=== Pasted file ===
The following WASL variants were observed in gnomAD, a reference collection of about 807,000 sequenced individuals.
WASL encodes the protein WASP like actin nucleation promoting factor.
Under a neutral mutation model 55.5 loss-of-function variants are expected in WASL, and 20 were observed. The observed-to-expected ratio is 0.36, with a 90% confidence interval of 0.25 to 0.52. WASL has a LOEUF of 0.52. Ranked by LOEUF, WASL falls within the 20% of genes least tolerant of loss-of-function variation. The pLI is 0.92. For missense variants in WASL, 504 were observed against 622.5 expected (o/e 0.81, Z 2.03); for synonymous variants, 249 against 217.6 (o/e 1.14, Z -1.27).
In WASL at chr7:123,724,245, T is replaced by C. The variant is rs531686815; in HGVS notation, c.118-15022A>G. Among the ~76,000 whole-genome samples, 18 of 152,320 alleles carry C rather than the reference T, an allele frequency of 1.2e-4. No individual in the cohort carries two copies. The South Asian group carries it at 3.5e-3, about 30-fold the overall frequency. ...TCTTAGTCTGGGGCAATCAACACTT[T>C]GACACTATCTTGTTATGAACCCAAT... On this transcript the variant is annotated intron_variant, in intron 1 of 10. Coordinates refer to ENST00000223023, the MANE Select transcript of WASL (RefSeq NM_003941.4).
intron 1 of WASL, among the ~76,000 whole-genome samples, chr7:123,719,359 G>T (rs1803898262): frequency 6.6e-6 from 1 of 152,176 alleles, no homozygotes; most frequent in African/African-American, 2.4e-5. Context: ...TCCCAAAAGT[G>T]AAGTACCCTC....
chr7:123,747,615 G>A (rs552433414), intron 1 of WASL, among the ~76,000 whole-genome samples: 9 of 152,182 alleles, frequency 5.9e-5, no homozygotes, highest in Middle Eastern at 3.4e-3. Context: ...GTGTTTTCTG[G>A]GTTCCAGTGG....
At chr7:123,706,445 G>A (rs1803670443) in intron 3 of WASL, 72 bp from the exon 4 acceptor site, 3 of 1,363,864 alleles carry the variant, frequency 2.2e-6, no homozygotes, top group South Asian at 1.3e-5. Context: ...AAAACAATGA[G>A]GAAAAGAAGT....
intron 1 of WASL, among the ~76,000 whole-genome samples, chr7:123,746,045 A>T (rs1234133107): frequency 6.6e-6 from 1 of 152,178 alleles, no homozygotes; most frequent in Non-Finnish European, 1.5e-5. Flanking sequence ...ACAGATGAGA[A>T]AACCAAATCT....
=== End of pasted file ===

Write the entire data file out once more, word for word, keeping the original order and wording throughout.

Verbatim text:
The following WASL variants were observed in gnomAD, a reference collection of about 807,000 sequenced individuals.
WASL encodes the protein WASP like actin nucleation promoting factor.
Under a neutral mutation model 55.5 loss-of-function variants are expected in WASL, and 20 were observed. The observed-to-expected ratio is 0.36, with a 90% confidence interval of 0.25 to 0.52. WASL has a LOEUF of 0.52. Ranked by LOEUF, WASL falls within the 20% of genes least tolerant of loss-of-function variation. The pLI is 0.92. For missense variants in WASL, 504 were observed against 622.5 expected (o/e 0.81, Z 2.03); for synonymous variants, 249 against 217.6 (o/e 1.14, Z -1.27).
In WASL at chr7:123,724,245, T is replaced by C. The variant is rs531686815; in HGVS notation, c.118-15022A>G. Among the ~76,000 whole-genome samples, 18 of 152,320 alleles carry C rather than the reference T, an allele frequency of 1.2e-4. No individual in the cohort carries two copies. The South Asian group carries it at 3.5e-3, about 30-fold the overall frequency. ...TCTTAGTCTGGGGCAATCAACACTT[T>C]GACACTATCTTGTTATGAACCCAAT... On this transcript the variant is annotated intron_variant, in intron 1 of 10. Coordinates refer to ENST00000223023, the MANE Select transcript of WASL (RefSeq NM_003941.4).
intron 1 of WASL, among the ~76,000 whole-genome samples, chr7:123,719,359 G>T (rs1803898262): frequency 6.6e-6 from 1 of 152,176 alleles, no homozygotes; most frequent in African/African-American, 2.4e-5. Context: ...TCCCAAAAGT[G>T]AAGTACCCTC....
chr7:123,747,615 G>A (rs552433414), intron 1 of WASL, among the ~76,000 whole-genome samples: 9 of 152,182 alleles, frequency 5.9e-5, no homozygotes, highest in Middle Eastern at 3.4e-3. Context: ...GTGTTTTCTG[G>A]GTTCCAGTGG....
At chr7:123,706,445 G>A (rs1803670443) in intron 3 of WASL, 72 bp from the exon 4 acceptor site, 3 of 1,363,864 alleles carry the variant, frequency 2.2e-6, no homozygotes, top group South Asian at 1.3e-5. Context: ...AAAACAATGA[G>A]GAAAAGAAGT....
intron 1 of WASL, among the ~76,000 whole-genome samples, chr7:123,746,045 A>T (rs1234133107): frequency 6.6e-6 from 1 of 152,178 alleles, no homozygotes; most frequent in Non-Finnish European, 1.5e-5. Flanking sequence ...ACAGATGAGA[A>T]AACCAAATCT....